SHARE

As New Jersey SEEDS continues to celebrate 25 years of educational access, the organization announced that it will honor Amy Ziebarth and Soleio Cuervo at the 25th Anniversary Benefit on Thursday, April 27, 2017. SEEDS, an educational nonprofit that transforms the lives of high-achieving students from low-income families, presents the Leading Change Award annually in recognition of those whose initiative and commitment have enhanced the educational opportunities of young people throughout New Jersey.

“We are so excited to celebrate 25 years of success at New Jersey SEEDS,” explains John F. Castano, SEEDS’ Executive Director. “Our honorees for this year’s benefit represent our foundation and our future. Amy served SEEDS for fifteen years – twelve as the Executive Director. Her vision and passion for education equity and access both shaped and guided a young SEEDS organization and gave it the foundation for its quarter century of success. Of course, the greatest validation for any educator is seeing those aspirational young people grow into successful adults. That vision is realized in our other honoree, Soleio. Tremendously successful, inspiring and iconic in the tech world, Soleio now serves on the SEEDS Board of Trustees and helps steer the organization into the next 25 years. We are proud to honor Amy and Soleio at the 25th Anniversary Benefit.”

Amy Ziebarth is the former Executive Director of New Jersey SEEDS and the Head of School at Far Brook School. Amy served as Executive Director for twelve of her fifteen years at New Jersey SEEDS. During her tenure as Executive Director, Amy quadrupled the annual operating budget of SEEDS, increased the number of students served, and moved the headquarters from Hightstown to the heart of downtown Newark. During her leadership, Amy launched the Young Scholars Program (YSP) and the College Preparatory Program (CPP). She also led a successful $6 million capital campaign, earning SEEDS recognition from the Partnership in Philanthropy.

my has written about the need for educational opportunities for disadvantaged students in the New York Times, and has appeared on CNN and other news programs. In 2001, Amy was recognized by the Delbarton School as Educator of the Year. In 2003, she was the recipient of the Althea Gibson Award for Excellence in Public Service and was named a Woman of Influence by NJ BIZ.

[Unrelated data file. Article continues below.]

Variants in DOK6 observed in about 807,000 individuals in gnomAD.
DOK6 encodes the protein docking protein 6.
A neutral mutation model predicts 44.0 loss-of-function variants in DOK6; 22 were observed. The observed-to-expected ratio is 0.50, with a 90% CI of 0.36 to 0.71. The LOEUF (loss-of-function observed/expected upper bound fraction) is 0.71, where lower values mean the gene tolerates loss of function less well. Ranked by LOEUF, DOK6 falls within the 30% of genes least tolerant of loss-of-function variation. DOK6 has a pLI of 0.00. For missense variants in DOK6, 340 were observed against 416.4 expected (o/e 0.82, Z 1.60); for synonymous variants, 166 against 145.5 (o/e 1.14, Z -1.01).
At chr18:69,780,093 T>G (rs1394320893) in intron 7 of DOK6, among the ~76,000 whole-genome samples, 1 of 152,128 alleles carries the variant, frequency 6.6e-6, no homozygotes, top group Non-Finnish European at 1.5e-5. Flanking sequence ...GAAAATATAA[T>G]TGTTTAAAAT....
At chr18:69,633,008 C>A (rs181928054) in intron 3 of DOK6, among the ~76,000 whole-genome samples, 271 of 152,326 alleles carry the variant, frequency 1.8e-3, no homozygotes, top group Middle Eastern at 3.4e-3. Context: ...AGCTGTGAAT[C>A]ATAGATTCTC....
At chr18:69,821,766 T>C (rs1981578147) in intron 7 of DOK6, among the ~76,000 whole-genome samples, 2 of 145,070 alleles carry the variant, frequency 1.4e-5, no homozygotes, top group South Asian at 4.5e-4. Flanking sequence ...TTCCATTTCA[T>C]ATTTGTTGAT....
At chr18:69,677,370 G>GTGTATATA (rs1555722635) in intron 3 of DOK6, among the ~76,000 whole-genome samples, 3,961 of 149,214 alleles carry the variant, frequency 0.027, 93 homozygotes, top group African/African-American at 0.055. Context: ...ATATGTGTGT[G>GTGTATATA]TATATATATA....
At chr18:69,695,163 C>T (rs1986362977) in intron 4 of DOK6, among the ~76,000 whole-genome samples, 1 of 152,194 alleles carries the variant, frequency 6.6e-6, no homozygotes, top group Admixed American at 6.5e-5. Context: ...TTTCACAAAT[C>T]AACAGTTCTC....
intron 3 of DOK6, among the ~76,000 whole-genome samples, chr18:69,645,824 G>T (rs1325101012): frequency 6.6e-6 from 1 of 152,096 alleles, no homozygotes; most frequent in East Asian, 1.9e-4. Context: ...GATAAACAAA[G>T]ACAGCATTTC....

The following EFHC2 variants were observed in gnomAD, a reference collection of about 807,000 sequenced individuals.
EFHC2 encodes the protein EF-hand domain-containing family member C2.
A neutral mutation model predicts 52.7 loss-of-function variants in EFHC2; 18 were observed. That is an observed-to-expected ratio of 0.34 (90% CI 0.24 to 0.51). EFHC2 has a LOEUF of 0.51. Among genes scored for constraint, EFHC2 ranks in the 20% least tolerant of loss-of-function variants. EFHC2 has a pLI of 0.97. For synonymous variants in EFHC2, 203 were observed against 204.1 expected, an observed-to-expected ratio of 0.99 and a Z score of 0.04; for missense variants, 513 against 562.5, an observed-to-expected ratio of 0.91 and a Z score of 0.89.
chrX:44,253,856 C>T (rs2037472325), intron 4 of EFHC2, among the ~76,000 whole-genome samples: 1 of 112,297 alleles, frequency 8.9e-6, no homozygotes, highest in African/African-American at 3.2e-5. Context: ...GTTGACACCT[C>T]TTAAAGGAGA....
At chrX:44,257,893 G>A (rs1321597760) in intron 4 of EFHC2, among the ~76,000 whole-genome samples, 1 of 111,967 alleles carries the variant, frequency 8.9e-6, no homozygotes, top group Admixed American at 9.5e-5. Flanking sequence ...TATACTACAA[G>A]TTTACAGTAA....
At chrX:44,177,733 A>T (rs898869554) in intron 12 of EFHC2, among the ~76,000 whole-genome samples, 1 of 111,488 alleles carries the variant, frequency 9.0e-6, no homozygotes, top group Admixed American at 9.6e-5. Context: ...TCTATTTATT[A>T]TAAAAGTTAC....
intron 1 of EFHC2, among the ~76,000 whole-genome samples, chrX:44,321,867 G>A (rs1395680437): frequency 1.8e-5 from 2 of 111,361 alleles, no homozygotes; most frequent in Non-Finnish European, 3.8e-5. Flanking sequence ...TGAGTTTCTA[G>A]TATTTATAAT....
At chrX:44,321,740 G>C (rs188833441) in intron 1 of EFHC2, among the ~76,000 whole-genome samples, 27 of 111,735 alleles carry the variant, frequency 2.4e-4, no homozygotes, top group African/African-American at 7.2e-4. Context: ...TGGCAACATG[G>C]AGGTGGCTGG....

“New Jersey SEEDS is near and dear to my heart, and I am honored to be recognized at their 25th Anniversary Benefit,” says Amy Ziebarth. “I am – and always have been – so proud of SEEDS students. SEEDS students have changed the face of independent schools for the better. Classes are richer, academic excellence is higher and there is a dramatically different educational experience – not only for the SEEDS students but for all students in these schools. I am so happy to be part of the SEEDS family and to help celebrate all of the accomplishments of the organization and students over the past quarter century.”

Soleio Cuervo is a member of New Jersey SEEDS’ Board of Trustees and a Founding Partner at Combine, a design studio and venture firm. Soleio graduated in one of SEEDS’ earliest classes of the Scholars Program in 1995 and attended St. Andrew’s School in Middletown, Delaware. In 2003, he received his bachelor’s degree from Duke University in music composition and multimedia design.

Soleio was one of Facebook’s earliest designers and was responsible for designing several of the company’s seminal products and features, including the “Like” button. He then was head of design at Dropbox where he helped build an organization of over 40 top designers, researchers and creatives. Today, Soleio is an investor and advisor to Dropbox, Earnest and other early stage technology companies in the San Francisco Bay Area.

“It is such an honor to be the first alumni recipient of the Leading Change Award,” says Soleio Cuervo. “Being part of the SEEDS Scholars Program was pivotal in my life. I know firsthand the effect SEEDS can have on ambitious students, and I can trace all of my educational and professional opportunities back to my time in the program. I am incredibly grateful.”

Comments

comments